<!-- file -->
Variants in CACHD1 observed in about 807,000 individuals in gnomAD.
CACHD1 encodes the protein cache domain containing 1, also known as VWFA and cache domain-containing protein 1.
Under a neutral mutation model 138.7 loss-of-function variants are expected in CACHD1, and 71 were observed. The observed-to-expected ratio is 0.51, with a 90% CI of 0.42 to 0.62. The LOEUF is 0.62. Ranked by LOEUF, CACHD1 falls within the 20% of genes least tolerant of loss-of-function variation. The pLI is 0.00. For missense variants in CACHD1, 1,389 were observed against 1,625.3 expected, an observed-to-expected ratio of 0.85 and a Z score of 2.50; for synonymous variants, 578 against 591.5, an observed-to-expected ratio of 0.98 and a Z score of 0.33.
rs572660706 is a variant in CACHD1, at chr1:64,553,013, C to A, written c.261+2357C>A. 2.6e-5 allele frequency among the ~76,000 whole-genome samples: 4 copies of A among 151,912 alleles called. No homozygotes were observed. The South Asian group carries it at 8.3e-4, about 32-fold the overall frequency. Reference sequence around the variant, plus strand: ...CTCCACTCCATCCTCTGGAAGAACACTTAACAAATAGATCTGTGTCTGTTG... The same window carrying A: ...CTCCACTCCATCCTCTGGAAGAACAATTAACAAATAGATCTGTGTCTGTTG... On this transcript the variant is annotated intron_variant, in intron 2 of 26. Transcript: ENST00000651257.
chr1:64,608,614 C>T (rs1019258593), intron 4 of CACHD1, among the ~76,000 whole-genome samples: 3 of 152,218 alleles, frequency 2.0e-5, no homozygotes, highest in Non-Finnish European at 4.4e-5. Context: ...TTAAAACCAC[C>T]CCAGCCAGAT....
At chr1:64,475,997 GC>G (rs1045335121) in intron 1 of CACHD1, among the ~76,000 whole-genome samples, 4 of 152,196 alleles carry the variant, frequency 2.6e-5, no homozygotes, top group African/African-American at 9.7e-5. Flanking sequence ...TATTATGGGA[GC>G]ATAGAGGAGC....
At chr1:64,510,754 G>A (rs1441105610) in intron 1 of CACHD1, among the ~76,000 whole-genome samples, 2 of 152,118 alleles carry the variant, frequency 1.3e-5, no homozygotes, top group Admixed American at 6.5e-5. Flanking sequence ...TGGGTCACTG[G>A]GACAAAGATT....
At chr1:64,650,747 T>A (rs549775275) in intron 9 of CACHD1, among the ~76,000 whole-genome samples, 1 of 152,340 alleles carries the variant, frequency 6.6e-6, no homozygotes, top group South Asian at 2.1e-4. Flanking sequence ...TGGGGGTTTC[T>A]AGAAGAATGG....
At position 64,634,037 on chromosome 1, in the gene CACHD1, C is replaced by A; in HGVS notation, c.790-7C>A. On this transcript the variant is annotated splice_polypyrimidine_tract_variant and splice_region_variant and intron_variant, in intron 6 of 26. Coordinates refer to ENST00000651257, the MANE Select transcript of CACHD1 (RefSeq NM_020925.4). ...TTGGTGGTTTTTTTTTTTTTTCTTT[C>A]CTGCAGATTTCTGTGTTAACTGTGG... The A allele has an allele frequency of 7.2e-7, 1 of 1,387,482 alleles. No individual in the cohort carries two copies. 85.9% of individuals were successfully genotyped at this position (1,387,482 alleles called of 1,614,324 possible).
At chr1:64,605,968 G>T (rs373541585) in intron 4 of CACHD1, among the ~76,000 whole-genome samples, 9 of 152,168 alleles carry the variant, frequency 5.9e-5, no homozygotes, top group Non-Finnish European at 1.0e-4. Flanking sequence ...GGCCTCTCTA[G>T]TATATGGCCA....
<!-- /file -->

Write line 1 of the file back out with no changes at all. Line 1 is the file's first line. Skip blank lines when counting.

Variants in CACHD1 observed in about 807,000 individuals in gnomAD.